Lakes are losing oxygen – and their inhabitants are in danger


Rose also identified another problem: Deep waters become less clear due to a multitude of factors, including erosion, algae growth, and manure runoff from nearby agricultural fields and housing estates. Turbid waters make plants less likely to survive, which means less photosynthesis and less oxygen below. And that, of course, is bad news for lake creatures. “Just like humans, every complex form of life on the planet depends on oxygen,” says Rose. “In water it’s in dissolved form.”

Each species has a unique critical oxygen threshold for survival. Deoxygenation particularly affects cold-water fish such as trout, which need 7 milligrams of oxygen per liter of water, and salmon, which need 6 milligrams per liter. (Types of warm water, such as bass and carp, need 5 milligrams per liter.)

“Even when you go down to a low level of oxygen concentration need, it will show an impact on the performance of individual organisms in the water,” says Peter Raymond, a professor of ecosystem ecology at Yale University, who reviewed the paper. “They are not doing well. They become stressed, as you might imagine. ”

The combination of little oxygen and warmer water is of particular concern. For example, if temperatures and oxygen levels are not in the optimal range, this can distort the reproduction time of the fish, which affects the amount they reproduce. Heated waters can also overfill or deactivate their immune system, which can jeopardize the degree to which they can fight pathogens in a climate-altered environment.

Because fish are ectotherms, meaning they regulate body temperature based on outside temperature, their metabolism speeds up in warm waters, increasing the amount of oxygen they need to survive, says James Whitney, a professor of biology at Pittsburgh State University in Kansas, who was not associated with the study. “If it gets bad enough, they can suffocate and cause fish to be killed,” Whitney says.

For example, during the Kansas drought of 2018, Whitney recalls that the water in the streams was warmer, and there was less of it due to lack of rain. The fish extracted oxygen from the surface waters, but it was not enough for the tour, and some even died.

Deoxygenation can become a vicious circle. When the lakes become anoxic, they form a sediment at the bottom which then releases phosphorus which can trigger the growth of algae on the surface. Lakes can develop harmful algae blooms, who eat all that is left of oxygen. Some produce toxins that kill fish, mammals and birds; in extreme cases they can cause human illness and even death.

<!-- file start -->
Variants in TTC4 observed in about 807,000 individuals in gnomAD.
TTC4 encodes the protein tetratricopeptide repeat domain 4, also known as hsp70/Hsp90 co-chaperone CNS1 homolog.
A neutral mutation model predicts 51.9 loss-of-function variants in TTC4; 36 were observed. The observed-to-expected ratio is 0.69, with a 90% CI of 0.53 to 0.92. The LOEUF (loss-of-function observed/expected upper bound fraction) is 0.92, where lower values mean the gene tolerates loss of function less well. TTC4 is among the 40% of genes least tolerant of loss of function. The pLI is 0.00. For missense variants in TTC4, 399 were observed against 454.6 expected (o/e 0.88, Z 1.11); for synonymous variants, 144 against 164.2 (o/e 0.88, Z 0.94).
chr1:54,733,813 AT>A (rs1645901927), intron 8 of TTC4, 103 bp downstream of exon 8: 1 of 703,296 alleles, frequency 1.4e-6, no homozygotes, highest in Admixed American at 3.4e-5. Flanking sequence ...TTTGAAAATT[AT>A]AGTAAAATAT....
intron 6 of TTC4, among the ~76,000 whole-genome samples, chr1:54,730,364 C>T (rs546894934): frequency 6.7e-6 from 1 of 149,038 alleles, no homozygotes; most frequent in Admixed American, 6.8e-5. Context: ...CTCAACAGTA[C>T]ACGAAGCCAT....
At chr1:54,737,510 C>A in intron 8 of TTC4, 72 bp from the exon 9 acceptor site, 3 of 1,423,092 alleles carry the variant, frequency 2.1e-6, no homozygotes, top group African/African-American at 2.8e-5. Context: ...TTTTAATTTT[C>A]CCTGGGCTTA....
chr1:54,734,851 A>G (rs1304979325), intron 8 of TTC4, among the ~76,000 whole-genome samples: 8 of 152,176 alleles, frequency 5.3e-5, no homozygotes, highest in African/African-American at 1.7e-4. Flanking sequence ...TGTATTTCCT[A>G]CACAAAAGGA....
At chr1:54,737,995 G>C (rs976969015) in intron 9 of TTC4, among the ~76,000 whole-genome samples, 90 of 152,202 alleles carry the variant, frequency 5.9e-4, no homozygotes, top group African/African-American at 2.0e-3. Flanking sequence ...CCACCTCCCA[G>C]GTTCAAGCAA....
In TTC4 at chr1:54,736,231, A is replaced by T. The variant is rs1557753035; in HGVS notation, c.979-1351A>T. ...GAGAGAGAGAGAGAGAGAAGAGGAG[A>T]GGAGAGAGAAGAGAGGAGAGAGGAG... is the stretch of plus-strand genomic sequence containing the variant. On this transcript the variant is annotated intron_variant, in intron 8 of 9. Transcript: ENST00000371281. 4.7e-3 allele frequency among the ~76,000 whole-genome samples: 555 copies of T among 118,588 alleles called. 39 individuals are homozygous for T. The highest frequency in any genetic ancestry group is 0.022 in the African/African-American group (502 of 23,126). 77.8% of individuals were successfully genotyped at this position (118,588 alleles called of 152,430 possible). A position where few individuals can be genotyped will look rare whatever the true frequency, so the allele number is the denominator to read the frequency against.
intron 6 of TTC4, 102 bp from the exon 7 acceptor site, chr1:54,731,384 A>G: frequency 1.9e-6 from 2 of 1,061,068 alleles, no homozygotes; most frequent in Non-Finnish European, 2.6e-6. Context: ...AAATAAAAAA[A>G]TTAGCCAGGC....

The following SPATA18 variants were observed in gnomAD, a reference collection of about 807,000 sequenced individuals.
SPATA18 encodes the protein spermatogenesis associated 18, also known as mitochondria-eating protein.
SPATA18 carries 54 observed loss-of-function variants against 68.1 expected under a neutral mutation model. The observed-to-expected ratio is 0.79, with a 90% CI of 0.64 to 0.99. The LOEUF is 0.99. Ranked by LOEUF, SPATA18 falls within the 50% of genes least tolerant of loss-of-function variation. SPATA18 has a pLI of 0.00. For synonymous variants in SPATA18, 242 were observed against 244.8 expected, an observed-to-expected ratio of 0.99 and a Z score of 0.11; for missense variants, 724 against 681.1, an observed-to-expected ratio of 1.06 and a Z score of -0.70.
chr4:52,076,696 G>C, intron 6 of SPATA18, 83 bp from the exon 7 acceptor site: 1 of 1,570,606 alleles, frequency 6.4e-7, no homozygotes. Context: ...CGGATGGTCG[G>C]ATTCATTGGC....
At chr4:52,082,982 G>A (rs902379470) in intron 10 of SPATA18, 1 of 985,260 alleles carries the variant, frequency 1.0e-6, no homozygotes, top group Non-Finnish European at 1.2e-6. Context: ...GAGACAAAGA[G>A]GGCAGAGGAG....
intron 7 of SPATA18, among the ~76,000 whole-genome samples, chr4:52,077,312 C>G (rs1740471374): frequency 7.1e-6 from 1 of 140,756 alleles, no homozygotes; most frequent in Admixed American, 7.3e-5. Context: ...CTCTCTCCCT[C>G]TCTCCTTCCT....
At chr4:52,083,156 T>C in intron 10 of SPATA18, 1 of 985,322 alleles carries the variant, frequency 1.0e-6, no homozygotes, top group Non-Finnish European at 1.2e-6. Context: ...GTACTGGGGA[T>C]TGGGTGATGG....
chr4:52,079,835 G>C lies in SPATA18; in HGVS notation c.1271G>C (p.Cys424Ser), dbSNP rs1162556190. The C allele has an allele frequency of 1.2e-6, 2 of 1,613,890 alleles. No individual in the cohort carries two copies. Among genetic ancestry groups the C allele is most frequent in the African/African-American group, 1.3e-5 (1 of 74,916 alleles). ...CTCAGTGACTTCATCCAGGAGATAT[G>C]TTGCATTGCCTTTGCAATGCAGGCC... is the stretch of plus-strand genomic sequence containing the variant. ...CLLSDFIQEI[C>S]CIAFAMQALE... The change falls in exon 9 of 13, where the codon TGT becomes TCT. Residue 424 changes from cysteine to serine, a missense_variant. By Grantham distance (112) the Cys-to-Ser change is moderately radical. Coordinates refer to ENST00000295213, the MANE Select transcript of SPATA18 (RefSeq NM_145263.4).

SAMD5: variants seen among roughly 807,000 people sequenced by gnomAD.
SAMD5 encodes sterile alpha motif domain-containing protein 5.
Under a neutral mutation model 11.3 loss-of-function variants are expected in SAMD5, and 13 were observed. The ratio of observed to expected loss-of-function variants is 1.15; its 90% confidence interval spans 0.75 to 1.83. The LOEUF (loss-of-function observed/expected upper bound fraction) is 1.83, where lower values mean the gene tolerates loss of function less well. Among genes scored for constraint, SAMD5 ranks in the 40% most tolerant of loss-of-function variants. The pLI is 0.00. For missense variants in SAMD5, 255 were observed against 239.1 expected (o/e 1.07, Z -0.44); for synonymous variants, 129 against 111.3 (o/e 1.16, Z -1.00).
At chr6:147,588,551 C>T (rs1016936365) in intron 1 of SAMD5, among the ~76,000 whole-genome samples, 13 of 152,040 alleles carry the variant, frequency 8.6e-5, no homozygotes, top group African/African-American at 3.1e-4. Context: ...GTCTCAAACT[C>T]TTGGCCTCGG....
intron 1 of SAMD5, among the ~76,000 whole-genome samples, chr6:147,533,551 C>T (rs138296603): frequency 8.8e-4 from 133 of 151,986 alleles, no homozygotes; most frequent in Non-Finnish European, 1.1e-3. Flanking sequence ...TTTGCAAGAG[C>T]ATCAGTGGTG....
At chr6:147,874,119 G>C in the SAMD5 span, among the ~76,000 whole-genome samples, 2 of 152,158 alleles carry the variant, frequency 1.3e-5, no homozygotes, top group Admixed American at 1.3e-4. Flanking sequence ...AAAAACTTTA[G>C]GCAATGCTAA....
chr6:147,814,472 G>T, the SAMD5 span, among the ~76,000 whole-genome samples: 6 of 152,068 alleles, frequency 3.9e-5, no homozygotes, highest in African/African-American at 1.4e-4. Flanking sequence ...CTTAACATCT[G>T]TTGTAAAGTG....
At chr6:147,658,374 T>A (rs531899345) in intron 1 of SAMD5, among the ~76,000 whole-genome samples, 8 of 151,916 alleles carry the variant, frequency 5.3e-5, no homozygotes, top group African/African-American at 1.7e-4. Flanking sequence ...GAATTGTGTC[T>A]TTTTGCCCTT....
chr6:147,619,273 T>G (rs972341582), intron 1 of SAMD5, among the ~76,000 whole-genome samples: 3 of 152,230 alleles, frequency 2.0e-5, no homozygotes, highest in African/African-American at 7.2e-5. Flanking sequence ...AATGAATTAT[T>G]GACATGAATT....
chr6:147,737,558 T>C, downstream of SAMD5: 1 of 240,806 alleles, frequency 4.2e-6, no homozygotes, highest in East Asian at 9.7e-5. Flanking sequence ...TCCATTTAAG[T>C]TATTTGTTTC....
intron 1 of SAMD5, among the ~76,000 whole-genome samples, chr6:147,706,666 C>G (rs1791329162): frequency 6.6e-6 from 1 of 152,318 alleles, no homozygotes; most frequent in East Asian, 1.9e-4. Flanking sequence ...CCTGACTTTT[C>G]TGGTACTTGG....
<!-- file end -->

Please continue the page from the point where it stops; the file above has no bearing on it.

“It is not hypothesized that the organisms will be affected. That will happen, ”says Raymond.

While there is no way to directly add oxygen to lakes, he points out, there are other ways to improve ecosystem health. The biggest change must happen globally: Reducing greenhouse gas emissions will stop the warming and loss of solubility of lake waters. But local care is also important. “There is a direct climate impact here, but a lot can be done locally to maintain high oxygen concentrations,” Rose agrees.

Rose and several other co-authors in the research contribute GLEON (Global Network of Ecological Observatories on the Lake), a core group of scientists from around the world who are focused on conserving freshwater resources. They share data to capture ecosystem changes early, as lakes are among the first to show measurable shifts. Some of their recommendations include using data from one lake to learn about others and assess risk based on measuring local water temperature and dissolved oxygen levels in real time. Planting trees as a buffer zone around the lake can prevent erosion, which can increase water clarity and reduce nutrient runoff. This can be coordinated by state agencies that manage water resources or individual lake associations. The Environmental Protection Agency also recommends that residents living near water bodies use fertilizer according to the instructions on the label to prevent excess nitrogen and phosphorus from entering the lakes, inadvertently fertilizing algae blooms.

“Proactive governance is needed – or will be needed – in the future to even maintain the status quo,” Rose says. And by “future” he does not mean decades. Thoughts for the next few years. “This is a constant question,” he says.

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